Vindolanda Field School 2015
The field school students have been introduced to Vindolanda! Everyone arrived on Saturday and we spent the weekend getting settled. Today we went down to site for the first introduction to this fabulous place. It's chilly but as you can see the sun is shining for now! This week we'll visit other sites and museums along Hadrian's Wall, starting with Newcastle's Great North Museum tomorrow. Don't forget to follow us on the blog to keep up with our adventures and hear about student experiences: westernclassicalstudies.wordpress.com
Congratulations to Jonathan Vickers, who has been awarded the prestigious Crake Fellowship for 2015-2016 at Mount Allison University in Sackville, NB.
Congratulations Sarah Taylor!
The Classical Studies department congratulates Sarah Taylor on sucessfully defending her MA thesis, "Frontiers of Food: Identity and Food Preparation in Roman Britain", supervised by Elizabeth Greene.
Congratulations to Kyle Gervais from the Department of Classical Studies on the publication of Brill’s Companion to Statius, the first companion volume to be produced on the most important Roman poet of the Flavian period. Thirty-four chapters from international experts examine the social, cultural, and political issues surrounding Statius’ poetry; his controversial aesthetic; his use of the poetic tradition; and his scholarly and literary reception in subsequent ages to the present.
The Department of Classical Studies would like to congratulate Elizabeth Greene, winner of the 2014-2015 Marilyn Robinson Award for Teaching Excellence. The award is "...named after Physiology professor and Educational Development Office coordinator Marilyn Robinson, who became captivated with the idea of exciting students by means of active learning and problem solving" (Western News). Elizabeth Greene teaches Archaeology to Western University students not only in the classroom, but also through the Vindolanda Field School, a historic Roman site near Hadrian's Wall in England. Read the Western News article here.
Charles Stocking, Assistant Professor of Classical Studies at the UWO and a former Fellow of the Center for Hellenic Studies, delivers a lecture withDemosthenes Tampakos, Olympic gold medalist and Professor of Physical Education, on the occasion of the 2nd Marathon Run at Nafplion. View the poster and translation from Greek, here.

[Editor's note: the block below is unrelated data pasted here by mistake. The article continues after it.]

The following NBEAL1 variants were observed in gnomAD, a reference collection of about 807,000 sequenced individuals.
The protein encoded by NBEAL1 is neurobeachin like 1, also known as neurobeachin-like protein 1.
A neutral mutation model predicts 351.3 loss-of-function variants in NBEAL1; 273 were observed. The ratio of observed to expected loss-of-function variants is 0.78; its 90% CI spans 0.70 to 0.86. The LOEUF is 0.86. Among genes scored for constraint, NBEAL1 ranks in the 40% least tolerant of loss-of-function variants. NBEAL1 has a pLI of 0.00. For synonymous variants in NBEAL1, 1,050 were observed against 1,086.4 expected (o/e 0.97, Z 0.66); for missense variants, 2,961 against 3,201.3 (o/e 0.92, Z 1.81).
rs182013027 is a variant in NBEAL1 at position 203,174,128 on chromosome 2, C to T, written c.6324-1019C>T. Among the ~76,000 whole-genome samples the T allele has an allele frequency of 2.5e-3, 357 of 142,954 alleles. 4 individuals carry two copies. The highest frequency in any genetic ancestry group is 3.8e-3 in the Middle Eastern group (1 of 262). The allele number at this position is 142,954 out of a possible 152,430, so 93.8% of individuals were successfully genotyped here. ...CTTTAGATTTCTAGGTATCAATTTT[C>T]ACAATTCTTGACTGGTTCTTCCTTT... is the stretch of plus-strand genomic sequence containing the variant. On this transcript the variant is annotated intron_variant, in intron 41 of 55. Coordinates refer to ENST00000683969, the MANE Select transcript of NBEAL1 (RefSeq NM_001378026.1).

Chris Brown recently gave the 38th annual Crake Lectures at Mount Allison University in Sackville, NB. The lectures explored the confluence of poetry, philosophy, and religion in Magna Graecia during the fifth century BC.
Beth Greene’s research at this year’s annual meeting of the Archaeological Institute of America in New Orleans has been featured in a variety of news outlets. The magazine New Scientist ran a story about her research focusing on the presence of women and children on Trajan’s Column in Rome. The individuals are shown taking part in religious ceremonies associated with the campaigns of the emperor Trajan in Dacia and reveals something about the activities of women traveling with the Roman army on campaign. Her research has since been featured by Radio Canada International (http://www.rcinet.ca/en/tag/elizabeth-greene/) and by our own Western News (http://news.westernu.ca/2015/02/women-present-no-second-fiddle-in-roman-military/). It will be in print form in Current World Archaeology Magazine later in 2015.
The USC Teaching Honour Roll was released for the 2013-2014 school year. We are please to congratulate four of our course instructors whose efforts and contributions to the university are recognized as exceptional by their students.
We are delighted to report that Dr. James Kruck has accepted a position as Visiting Lecturer in the Department of Classics at the University of Illinois for Spring 2015. He'll be teaching courses in Latin literature and Classical Civilization. Congratulations, Dr. Kruck!
Peter completed his Ph.D., supervised by Professor Christopher Brown, in Western’s Department of Classical Studies in the spring of 2014. His dissertation, “Athletes in Song and Stone: Victory and Identity in Epinician and Epigram,” analyzes ethnicity, gender, and class in the literature of the ancient Olympics.